How are we to think about religion and violence in the
contemporary world, especially in the wake of the events of
September 11, 2001? In this collection of essays, nearly a dozen
scholars, including some of the leading voices in the field of
academic religious thought, offer a theoretical and theological
response to the 9/11 attacks as well as a broader and more
interdisciplinary reflection on the issues surrounding religion and
violence, politics and terrorism, in the world today. Drawing on
Continental philosophy as a methodology, the contributors provide
insights from and implications for the Western monotheistic
traditions of Judaism and Christianity and their engagement with
the secular world. Here, religion and secularity are understood not
in opposition to one another but rather in interrelationship,
religion being seen as both implicated in and providing resources
for the overcoming of violence. Raising questions that are timely
as well as urgent, Religion and Violence in a Secular World eschews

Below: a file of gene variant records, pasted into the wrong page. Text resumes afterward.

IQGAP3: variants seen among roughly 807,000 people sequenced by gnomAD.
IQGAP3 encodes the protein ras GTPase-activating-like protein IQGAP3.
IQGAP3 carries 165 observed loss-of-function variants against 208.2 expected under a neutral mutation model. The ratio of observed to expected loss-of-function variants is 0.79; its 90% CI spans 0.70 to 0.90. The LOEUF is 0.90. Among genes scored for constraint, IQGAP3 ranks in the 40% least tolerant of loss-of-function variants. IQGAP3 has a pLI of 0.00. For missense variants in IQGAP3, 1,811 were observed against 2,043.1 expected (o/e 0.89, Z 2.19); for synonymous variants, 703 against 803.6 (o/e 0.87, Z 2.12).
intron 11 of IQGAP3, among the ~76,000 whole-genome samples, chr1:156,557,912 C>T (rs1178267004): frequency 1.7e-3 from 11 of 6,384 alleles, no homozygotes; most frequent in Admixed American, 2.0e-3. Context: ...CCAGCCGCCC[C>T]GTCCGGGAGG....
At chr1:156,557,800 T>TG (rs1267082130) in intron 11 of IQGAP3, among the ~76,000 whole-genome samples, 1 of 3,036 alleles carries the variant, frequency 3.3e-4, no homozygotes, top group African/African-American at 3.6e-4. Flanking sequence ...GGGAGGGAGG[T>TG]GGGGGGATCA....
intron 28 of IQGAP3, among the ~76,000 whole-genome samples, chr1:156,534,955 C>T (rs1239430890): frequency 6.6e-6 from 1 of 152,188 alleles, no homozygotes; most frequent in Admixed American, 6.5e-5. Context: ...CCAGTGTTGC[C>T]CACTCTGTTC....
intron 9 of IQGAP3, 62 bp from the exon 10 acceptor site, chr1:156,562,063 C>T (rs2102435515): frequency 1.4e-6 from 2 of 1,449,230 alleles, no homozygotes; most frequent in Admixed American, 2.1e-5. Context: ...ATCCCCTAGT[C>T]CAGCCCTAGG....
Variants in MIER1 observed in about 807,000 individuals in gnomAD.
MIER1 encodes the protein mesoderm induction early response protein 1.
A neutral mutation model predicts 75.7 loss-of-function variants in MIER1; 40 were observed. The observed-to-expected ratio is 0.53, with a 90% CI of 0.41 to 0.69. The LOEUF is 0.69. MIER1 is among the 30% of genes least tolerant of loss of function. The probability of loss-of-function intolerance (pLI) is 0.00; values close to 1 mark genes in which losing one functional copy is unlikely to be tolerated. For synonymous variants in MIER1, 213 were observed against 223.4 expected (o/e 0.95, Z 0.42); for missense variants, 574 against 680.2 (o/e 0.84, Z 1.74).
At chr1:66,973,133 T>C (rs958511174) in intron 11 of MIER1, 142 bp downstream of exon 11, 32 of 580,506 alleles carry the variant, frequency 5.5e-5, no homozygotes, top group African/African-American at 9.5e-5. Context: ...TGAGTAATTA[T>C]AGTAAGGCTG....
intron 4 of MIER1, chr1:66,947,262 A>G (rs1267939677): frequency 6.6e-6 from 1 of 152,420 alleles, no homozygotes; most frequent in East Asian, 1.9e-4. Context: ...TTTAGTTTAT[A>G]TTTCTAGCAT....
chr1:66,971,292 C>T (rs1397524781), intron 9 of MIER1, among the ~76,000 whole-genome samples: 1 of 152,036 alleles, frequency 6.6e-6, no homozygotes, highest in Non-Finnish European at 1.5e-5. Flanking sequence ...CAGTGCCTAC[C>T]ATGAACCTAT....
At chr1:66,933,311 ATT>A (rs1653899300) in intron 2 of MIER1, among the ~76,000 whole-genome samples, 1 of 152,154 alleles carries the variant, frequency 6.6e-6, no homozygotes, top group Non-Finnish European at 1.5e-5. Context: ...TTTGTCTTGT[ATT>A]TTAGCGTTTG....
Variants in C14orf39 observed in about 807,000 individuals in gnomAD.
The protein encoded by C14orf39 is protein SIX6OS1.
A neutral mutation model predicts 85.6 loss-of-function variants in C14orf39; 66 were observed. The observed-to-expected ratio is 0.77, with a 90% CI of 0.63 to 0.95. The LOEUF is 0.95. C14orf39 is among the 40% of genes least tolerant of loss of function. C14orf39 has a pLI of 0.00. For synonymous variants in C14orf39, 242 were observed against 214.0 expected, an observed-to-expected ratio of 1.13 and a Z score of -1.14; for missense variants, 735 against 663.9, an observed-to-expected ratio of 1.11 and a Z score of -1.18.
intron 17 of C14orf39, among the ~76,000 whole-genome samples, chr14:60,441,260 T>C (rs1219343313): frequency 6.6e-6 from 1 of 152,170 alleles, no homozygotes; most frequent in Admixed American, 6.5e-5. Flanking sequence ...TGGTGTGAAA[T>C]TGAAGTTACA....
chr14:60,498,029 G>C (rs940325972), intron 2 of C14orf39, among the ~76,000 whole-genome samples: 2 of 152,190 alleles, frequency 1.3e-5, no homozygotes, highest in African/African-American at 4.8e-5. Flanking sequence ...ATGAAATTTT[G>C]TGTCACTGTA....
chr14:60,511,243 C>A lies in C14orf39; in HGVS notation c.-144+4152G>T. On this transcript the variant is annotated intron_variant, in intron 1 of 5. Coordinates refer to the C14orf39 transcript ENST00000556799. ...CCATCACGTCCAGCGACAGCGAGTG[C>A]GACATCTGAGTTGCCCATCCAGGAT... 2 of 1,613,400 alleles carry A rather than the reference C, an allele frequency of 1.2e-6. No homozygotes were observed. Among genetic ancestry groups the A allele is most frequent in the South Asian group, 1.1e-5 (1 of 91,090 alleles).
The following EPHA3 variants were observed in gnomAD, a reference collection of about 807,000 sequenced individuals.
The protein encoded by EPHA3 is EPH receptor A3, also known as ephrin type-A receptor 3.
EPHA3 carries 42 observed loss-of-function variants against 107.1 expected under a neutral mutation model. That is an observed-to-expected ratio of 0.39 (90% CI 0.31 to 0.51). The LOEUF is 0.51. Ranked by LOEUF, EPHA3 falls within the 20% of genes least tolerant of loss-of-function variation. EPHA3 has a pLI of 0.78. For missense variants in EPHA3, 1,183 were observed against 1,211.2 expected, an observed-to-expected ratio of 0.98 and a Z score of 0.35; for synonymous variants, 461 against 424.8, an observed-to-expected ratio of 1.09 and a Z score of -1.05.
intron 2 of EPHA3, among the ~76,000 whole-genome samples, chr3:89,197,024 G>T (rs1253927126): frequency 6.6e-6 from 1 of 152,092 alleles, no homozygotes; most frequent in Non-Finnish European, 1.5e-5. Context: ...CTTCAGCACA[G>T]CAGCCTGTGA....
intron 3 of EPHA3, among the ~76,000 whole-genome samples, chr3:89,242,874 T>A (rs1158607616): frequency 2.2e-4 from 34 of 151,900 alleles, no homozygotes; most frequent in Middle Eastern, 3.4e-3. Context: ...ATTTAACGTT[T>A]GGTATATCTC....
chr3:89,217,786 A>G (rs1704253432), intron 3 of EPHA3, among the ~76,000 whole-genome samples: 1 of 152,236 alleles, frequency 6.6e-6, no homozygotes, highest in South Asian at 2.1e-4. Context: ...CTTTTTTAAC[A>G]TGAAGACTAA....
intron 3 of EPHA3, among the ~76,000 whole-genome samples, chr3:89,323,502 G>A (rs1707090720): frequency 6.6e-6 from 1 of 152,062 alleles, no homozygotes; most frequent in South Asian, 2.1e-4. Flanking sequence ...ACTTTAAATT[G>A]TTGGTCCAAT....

easy solutions in an effort to foster critical and constructive
attempts to understand these complex and ambivalent phenomena.
Contributors: John D. Caputo (Syracuse Universty) * Clayton
Crockett (University of Central Arkansas) * James J. DiCenso
(University of Toronto) * Martin Kavka (Florida State University) *
Richard Kearney (Boston College) * Eleanor Pontoriero (University
of Toronto) * B. Keith Putt (Samford University) * Carl A. Raschke
(University of Denver) * Jeffrey W. Robbins (Lebanon Valley
College) * Noelle Vahanian (Lebanon Valley College) * Edith
Wyschogrod (Rice University)
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